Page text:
Mumford and Sons Rock Troy Ohio Three-Day Music Festival
By Greg Enslen
The popular British folk band Mumford & Sons headlined the three-day Gentlemen of the Road Stopover outdoor music festival this past weekend in Troy, Ohio. The Grammy Award-winning band took the stage at 8:30pm Saturday night in front of a crowd of 40,000 fans.
The main stage, located at the Troy Memorial Stadium on the football field, hosted performances by a variety of national folk, rock and bluegrass acts, including Mumford & Sons, Old Crow Medicine Show, The Vaccines, Those Darlins, Bear's Den, Rubblebucket and Justin Townes Earle.
Two smaller stages located in Troy's central square and fountain hosted smaller and local bands, including Floodwood, Henhouse Prowlers, Jeff Austin and the Here and Now, Rum River Band, Higgins-Madewell, Here Comes the Sun Stereo, Red Wanting Blue, and Seventh Street Band. Some bands put on multiple performances over the course of the three-day festival.
Rain and dark clouds threatened portions of the outdoor festival Sunday but only light sprinkles marred the festivities. A light rain fell on the undeterred crowd during performance by Old Crow Medicine Show on the Stadium Main stage, and a few drops fell during a quiet number by Mumford & Sons.
The festival was located in two separate areas — Troy Memorial Stadium and a downtown street fair — with the bridge separating the two distinct zones. Open containers and public drinking were allowed in the downtown street zone and in the Memorial Stadium festival area but was forbidden on the bridge connecting to the two, making for several "chug that drink" zones where festival-goers gathered around trashcans near the exits to finish their drinks before exiting out onto the "public" areas.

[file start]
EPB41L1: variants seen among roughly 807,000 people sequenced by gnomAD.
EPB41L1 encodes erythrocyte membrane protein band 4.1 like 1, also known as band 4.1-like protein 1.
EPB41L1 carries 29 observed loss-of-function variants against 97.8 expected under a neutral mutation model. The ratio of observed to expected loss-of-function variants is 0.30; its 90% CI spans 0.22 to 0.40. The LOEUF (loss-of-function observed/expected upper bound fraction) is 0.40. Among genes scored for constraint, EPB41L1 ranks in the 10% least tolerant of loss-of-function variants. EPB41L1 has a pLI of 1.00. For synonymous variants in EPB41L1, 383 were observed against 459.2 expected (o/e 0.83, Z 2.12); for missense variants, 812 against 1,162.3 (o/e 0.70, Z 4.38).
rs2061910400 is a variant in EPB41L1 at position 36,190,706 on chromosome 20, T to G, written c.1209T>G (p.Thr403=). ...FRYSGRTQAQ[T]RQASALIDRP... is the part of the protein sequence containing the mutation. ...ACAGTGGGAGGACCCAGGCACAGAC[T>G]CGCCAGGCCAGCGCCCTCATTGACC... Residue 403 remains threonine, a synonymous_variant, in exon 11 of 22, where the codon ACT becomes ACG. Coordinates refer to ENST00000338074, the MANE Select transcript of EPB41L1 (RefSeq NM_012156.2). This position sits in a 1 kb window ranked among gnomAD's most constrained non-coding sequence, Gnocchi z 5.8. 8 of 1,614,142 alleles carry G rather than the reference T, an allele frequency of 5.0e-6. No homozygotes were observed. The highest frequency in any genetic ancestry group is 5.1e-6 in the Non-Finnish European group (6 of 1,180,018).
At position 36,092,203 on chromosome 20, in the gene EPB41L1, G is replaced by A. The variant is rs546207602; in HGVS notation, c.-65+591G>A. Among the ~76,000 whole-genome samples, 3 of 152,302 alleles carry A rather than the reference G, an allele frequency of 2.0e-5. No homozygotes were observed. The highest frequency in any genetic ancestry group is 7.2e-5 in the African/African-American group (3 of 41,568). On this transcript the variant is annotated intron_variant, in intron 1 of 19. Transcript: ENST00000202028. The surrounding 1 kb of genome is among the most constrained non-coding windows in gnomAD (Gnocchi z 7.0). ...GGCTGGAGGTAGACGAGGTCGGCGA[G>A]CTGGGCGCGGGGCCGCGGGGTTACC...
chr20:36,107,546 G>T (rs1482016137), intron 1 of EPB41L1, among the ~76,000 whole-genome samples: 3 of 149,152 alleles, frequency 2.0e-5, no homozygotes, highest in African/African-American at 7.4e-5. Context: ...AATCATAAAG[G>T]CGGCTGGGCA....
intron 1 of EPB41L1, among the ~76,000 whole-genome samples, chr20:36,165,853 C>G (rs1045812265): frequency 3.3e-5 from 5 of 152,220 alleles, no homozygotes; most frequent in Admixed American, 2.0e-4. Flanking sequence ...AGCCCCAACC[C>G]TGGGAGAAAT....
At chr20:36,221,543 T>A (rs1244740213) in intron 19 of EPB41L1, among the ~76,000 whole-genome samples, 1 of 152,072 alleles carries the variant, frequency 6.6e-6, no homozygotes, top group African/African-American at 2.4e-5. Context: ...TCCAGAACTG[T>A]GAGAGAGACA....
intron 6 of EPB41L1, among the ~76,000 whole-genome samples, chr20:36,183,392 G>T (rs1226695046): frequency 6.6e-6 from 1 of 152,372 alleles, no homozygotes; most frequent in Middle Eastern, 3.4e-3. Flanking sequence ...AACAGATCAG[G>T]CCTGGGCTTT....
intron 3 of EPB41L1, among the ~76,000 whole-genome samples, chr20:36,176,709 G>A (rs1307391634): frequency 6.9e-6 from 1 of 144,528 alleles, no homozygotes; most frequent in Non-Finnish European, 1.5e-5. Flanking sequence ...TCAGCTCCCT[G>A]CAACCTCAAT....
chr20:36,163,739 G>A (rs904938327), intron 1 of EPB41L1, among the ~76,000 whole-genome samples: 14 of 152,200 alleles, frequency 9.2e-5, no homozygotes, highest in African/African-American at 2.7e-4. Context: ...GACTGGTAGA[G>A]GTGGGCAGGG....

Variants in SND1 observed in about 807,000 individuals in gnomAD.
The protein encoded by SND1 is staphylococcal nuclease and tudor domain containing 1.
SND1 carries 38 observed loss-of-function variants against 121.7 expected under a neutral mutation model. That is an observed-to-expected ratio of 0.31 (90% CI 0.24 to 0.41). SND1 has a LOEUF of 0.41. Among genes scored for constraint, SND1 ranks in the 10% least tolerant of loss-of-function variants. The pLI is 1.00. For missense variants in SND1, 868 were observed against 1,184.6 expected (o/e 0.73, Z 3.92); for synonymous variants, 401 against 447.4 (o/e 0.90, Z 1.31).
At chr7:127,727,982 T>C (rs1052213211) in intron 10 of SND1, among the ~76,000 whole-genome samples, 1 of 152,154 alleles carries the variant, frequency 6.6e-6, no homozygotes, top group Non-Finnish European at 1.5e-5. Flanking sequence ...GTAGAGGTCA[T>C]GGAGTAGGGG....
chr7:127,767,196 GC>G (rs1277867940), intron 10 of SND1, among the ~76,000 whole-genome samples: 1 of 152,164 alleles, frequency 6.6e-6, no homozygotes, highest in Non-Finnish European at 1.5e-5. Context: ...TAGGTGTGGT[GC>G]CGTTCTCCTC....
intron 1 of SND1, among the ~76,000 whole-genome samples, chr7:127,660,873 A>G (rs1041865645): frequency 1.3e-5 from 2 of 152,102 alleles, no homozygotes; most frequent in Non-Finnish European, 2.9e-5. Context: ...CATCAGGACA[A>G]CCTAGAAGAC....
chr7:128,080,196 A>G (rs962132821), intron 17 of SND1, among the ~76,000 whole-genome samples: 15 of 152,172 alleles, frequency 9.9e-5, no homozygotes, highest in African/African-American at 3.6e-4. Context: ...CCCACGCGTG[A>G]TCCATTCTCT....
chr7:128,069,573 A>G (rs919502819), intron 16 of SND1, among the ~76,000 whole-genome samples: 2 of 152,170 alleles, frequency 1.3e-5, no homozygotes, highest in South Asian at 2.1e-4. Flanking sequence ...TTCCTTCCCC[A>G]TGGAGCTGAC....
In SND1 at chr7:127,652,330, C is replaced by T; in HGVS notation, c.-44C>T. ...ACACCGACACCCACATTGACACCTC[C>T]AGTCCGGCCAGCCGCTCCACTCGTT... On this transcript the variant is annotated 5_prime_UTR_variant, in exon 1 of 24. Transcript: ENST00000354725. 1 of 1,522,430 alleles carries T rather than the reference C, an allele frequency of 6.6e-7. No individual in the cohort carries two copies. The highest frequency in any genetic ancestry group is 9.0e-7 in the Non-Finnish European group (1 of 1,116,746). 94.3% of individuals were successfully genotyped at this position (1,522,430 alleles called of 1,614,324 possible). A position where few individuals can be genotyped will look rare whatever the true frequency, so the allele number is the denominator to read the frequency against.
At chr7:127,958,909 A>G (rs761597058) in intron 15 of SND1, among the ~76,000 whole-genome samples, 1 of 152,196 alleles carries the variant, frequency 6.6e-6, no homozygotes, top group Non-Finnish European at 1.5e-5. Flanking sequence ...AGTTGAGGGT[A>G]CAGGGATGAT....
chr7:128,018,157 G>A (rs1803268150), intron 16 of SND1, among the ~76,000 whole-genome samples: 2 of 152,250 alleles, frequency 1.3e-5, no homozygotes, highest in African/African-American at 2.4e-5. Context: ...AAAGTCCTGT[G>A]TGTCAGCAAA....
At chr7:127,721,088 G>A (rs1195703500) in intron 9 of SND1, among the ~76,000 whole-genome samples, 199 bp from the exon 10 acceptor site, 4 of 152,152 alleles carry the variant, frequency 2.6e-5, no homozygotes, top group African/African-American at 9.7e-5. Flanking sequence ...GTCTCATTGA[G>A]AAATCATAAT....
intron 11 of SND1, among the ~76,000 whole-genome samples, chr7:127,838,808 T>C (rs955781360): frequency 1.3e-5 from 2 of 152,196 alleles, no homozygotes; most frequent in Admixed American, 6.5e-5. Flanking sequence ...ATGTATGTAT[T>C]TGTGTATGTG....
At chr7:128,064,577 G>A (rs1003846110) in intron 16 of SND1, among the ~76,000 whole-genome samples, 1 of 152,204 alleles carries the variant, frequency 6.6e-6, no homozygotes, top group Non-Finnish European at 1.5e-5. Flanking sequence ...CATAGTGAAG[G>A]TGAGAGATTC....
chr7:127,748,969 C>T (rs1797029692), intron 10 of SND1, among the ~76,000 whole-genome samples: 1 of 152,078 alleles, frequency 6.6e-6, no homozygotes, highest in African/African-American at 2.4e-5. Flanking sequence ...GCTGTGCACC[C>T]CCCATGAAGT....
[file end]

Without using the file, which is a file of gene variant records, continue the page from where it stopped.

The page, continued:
The roundabout, usually filled with cars, was packed with visitors from near and far and tents selling beer, burritos, walking tacos, pizza by the slice and the staple of any festival, funnel cakes.
Area grassy areas were turned into temporary campgrounds for hundreds of colorful tents, creating a festival atmosphere along the banks of the Great Miami River.
Festival personnel told local press that there were no alcohol or drug-related injuries or any violence, according to local Dayton affiliate ABC22. Several people were taken to area hospitals after falls and accidents, and 50 festival-goers were treated for heat exhaustion in the three-day run-up to the show finale.